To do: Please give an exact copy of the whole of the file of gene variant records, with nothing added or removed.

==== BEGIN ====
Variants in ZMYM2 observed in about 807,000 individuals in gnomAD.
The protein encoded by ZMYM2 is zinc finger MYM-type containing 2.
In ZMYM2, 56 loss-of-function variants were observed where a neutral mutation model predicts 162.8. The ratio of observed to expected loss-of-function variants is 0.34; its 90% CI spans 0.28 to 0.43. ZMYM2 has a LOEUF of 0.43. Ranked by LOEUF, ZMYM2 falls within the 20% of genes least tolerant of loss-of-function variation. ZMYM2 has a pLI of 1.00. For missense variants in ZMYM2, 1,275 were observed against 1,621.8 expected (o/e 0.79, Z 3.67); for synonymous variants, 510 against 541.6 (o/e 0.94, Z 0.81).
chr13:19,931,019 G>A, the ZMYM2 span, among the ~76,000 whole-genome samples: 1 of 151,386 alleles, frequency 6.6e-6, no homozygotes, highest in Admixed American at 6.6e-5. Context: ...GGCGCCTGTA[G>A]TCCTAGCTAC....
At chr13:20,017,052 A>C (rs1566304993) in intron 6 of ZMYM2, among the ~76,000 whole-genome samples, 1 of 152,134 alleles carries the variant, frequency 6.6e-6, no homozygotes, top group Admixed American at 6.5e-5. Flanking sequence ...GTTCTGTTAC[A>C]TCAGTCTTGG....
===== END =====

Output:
Variants in ZMYM2 observed in about 807,000 individuals in gnomAD.
The protein encoded by ZMYM2 is zinc finger MYM-type containing 2.
In ZMYM2, 56 loss-of-function variants were observed where a neutral mutation model predicts 162.8. The ratio of observed to expected loss-of-function variants is 0.34; its 90% CI spans 0.28 to 0.43. ZMYM2 has a LOEUF of 0.43. Ranked by LOEUF, ZMYM2 falls within the 20% of genes least tolerant of loss-of-function variation. ZMYM2 has a pLI of 1.00. For missense variants in ZMYM2, 1,275 were observed against 1,621.8 expected (o/e 0.79, Z 3.67); for synonymous variants, 510 against 541.6 (o/e 0.94, Z 0.81).
chr13:19,931,019 G>A, the ZMYM2 span, among the ~76,000 whole-genome samples: 1 of 151,386 alleles, frequency 6.6e-6, no homozygotes, highest in Admixed American at 6.6e-5. Context: ...GGCGCCTGTA[G>A]TCCTAGCTAC....
At chr13:20,017,052 A>C (rs1566304993) in intron 6 of ZMYM2, among the ~76,000 whole-genome samples, 1 of 152,134 alleles carries the variant, frequency 6.6e-6, no homozygotes, top group Admixed American at 6.5e-5. Flanking sequence ...GTTCTGTTAC[A>C]TCAGTCTTGG....